Stephen Bishop - African-American Cave Explorer and Underground Railroad Agent
Article by Henry Robert Burke
Mammoth Cave National Park was established in southwestern Kentucky in 1941. Mammoth Cave was discovered in 1798 by slave named Stephen Bishop (1780-1850). In 1835 Bishop also discovered the mummified body of a pre-Columbian Indian in the cave. Other archaeological discoveries confirmed prehistoric Native American exploration of the cave so I guess you should say that Stephen Re-discovered it. During the Underground Railroad Era, Bishop often used the cave to hide fugitive slaves who were on their way north to cross the Ohio River.
The park was designated a World Heritage Site in 1981 and the core area of an International Biosphere Reserve in 1990 by the United Nations Educational, Scientific and Cultural Organization. The park contains Mammoth Cave, a limestone cavern that has more than 484 km (301 mi.) of charted passageways extending through five levels and is the longest known cave system in the world. In addition to the cave, the park contains a region of forests and hills traversed by the Green River, which receives the Echo River and other underground streams. Area, 212.1 sq. km (81.9 sq. mi.).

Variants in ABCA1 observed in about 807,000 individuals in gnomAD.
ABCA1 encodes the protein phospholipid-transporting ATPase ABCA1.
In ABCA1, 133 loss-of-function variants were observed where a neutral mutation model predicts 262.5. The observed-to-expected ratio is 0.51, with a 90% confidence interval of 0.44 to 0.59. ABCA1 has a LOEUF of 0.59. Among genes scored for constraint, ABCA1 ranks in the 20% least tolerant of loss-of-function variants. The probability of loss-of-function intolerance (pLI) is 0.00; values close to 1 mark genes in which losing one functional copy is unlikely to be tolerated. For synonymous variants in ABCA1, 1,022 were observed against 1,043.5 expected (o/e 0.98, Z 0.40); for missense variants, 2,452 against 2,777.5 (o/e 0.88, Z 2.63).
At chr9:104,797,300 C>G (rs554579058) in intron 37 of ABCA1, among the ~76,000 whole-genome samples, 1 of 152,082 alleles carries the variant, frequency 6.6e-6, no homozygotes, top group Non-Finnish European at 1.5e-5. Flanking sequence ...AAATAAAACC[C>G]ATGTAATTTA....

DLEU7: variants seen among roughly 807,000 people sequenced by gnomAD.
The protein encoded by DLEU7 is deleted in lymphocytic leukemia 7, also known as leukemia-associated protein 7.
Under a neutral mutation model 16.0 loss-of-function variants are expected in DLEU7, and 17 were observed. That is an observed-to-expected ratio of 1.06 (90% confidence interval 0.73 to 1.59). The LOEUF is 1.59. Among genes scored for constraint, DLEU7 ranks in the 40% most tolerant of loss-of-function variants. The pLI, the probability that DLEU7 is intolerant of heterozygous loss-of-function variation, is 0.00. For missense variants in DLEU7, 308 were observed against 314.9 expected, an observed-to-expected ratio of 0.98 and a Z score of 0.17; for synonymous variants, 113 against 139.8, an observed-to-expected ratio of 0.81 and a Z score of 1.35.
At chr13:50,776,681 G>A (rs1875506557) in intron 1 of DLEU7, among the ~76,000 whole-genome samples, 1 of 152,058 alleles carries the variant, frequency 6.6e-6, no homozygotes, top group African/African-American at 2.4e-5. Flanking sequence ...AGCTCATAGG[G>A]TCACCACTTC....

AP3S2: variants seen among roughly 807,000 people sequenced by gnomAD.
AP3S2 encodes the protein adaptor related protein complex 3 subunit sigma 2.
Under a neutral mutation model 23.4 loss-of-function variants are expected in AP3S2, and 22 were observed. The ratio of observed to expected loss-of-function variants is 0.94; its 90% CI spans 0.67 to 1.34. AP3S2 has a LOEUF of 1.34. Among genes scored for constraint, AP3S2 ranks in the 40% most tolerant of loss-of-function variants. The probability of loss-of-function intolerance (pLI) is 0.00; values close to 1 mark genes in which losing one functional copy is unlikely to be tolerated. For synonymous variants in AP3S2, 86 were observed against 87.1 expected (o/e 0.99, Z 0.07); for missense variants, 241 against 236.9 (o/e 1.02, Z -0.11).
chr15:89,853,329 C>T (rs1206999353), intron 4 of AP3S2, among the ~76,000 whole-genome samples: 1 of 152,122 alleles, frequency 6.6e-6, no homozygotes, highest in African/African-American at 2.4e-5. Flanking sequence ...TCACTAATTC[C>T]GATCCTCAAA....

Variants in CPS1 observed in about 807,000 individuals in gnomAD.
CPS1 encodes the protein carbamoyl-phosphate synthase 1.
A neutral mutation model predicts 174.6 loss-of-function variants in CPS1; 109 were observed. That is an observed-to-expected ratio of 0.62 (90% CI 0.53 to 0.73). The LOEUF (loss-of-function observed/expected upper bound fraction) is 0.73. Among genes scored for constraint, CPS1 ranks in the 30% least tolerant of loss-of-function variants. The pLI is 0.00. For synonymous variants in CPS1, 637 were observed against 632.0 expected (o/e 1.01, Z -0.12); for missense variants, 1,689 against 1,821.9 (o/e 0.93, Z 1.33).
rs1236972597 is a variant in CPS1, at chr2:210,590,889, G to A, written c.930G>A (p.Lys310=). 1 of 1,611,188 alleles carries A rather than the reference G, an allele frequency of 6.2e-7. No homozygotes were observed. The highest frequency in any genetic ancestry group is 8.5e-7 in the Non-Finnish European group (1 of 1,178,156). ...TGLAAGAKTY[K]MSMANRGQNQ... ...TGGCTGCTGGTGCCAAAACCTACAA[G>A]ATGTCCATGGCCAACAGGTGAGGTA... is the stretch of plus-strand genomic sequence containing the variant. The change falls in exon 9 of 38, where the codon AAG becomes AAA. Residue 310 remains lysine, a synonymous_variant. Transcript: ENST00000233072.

Certain sections of the cave have formations that contain crystals of calcite, gypsum, and other minerals that lend the formations color. Flowing through the cave's lowest level, about 110 m (about 360 ft) below the surface, is a subterranean stream, the Echo River. The river is 1.2 km (.75 mi.) long, with a maximum width of 60 m (197 ft), and it contains rare animals, including blind fish and colorless eyeless crayfish. The caverns remain at a near constant temperature of 12.2? C (54? F).
The owner opened Mammoth Cave to local tourists a few years after its discovery, and for the rest of his life, Bishop was the tour guide. At Mammoth Cave there is a small plaque commemorating Stephen Bishop, the African America cave explorer, who is buried near the entrance to the cave.